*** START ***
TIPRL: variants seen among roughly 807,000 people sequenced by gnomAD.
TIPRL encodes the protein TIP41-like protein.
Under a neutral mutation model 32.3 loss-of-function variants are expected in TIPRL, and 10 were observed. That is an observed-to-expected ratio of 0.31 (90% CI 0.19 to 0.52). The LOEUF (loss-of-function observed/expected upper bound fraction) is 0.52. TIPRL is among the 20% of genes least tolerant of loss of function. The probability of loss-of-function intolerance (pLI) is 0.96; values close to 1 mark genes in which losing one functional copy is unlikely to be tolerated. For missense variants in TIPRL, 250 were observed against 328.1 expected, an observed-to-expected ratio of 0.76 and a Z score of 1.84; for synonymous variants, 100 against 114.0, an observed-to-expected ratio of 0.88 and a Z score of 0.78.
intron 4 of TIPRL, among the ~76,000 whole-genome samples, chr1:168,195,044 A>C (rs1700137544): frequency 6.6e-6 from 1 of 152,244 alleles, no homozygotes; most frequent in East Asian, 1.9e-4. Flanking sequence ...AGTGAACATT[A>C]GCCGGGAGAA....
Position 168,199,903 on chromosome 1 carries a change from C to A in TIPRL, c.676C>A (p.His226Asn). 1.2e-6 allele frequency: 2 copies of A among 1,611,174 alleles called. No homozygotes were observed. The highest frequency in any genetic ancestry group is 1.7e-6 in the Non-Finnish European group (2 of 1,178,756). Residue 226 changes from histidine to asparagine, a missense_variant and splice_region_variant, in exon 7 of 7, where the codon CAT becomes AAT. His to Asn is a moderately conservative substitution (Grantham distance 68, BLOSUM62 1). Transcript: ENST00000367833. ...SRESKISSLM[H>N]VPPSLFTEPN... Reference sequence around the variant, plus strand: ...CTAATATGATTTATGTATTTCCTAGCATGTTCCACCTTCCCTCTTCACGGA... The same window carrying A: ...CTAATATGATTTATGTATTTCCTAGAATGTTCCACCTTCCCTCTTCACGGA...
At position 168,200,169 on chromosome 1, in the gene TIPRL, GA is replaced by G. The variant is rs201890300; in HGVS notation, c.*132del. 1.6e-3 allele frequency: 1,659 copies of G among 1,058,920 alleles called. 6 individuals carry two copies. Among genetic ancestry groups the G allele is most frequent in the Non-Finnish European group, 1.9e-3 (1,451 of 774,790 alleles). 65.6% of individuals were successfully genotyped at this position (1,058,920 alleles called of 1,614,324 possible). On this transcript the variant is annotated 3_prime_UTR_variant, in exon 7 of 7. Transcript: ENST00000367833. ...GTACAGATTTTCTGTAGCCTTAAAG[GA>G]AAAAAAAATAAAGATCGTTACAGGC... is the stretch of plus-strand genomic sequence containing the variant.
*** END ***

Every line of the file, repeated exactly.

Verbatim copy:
TIPRL: variants seen among roughly 807,000 people sequenced by gnomAD.
TIPRL encodes the protein TIP41-like protein.
Under a neutral mutation model 32.3 loss-of-function variants are expected in TIPRL, and 10 were observed. That is an observed-to-expected ratio of 0.31 (90% CI 0.19 to 0.52). The LOEUF (loss-of-function observed/expected upper bound fraction) is 0.52. TIPRL is among the 20% of genes least tolerant of loss of function. The probability of loss-of-function intolerance (pLI) is 0.96; values close to 1 mark genes in which losing one functional copy is unlikely to be tolerated. For missense variants in TIPRL, 250 were observed against 328.1 expected, an observed-to-expected ratio of 0.76 and a Z score of 1.84; for synonymous variants, 100 against 114.0, an observed-to-expected ratio of 0.88 and a Z score of 0.78.
intron 4 of TIPRL, among the ~76,000 whole-genome samples, chr1:168,195,044 A>C (rs1700137544): frequency 6.6e-6 from 1 of 152,244 alleles, no homozygotes; most frequent in East Asian, 1.9e-4. Flanking sequence ...AGTGAACATT[A>C]GCCGGGAGAA....
Position 168,199,903 on chromosome 1 carries a change from C to A in TIPRL, c.676C>A (p.His226Asn). 1.2e-6 allele frequency: 2 copies of A among 1,611,174 alleles called. No homozygotes were observed. The highest frequency in any genetic ancestry group is 1.7e-6 in the Non-Finnish European group (2 of 1,178,756). Residue 226 changes from histidine to asparagine, a missense_variant and splice_region_variant, in exon 7 of 7, where the codon CAT becomes AAT. His to Asn is a moderately conservative substitution (Grantham distance 68, BLOSUM62 1). Transcript: ENST00000367833. ...SRESKISSLM[H>N]VPPSLFTEPN... Reference sequence around the variant, plus strand: ...CTAATATGATTTATGTATTTCCTAGCATGTTCCACCTTCCCTCTTCACGGA... The same window carrying A: ...CTAATATGATTTATGTATTTCCTAGAATGTTCCACCTTCCCTCTTCACGGA...
At position 168,200,169 on chromosome 1, in the gene TIPRL, GA is replaced by G. The variant is rs201890300; in HGVS notation, c.*132del. 1.6e-3 allele frequency: 1,659 copies of G among 1,058,920 alleles called. 6 individuals carry two copies. Among genetic ancestry groups the G allele is most frequent in the Non-Finnish European group, 1.9e-3 (1,451 of 774,790 alleles). 65.6% of individuals were successfully genotyped at this position (1,058,920 alleles called of 1,614,324 possible). On this transcript the variant is annotated 3_prime_UTR_variant, in exon 7 of 7. Transcript: ENST00000367833. ...GTACAGATTTTCTGTAGCCTTAAAG[GA>G]AAAAAAAATAAAGATCGTTACAGGC... is the stretch of plus-strand genomic sequence containing the variant.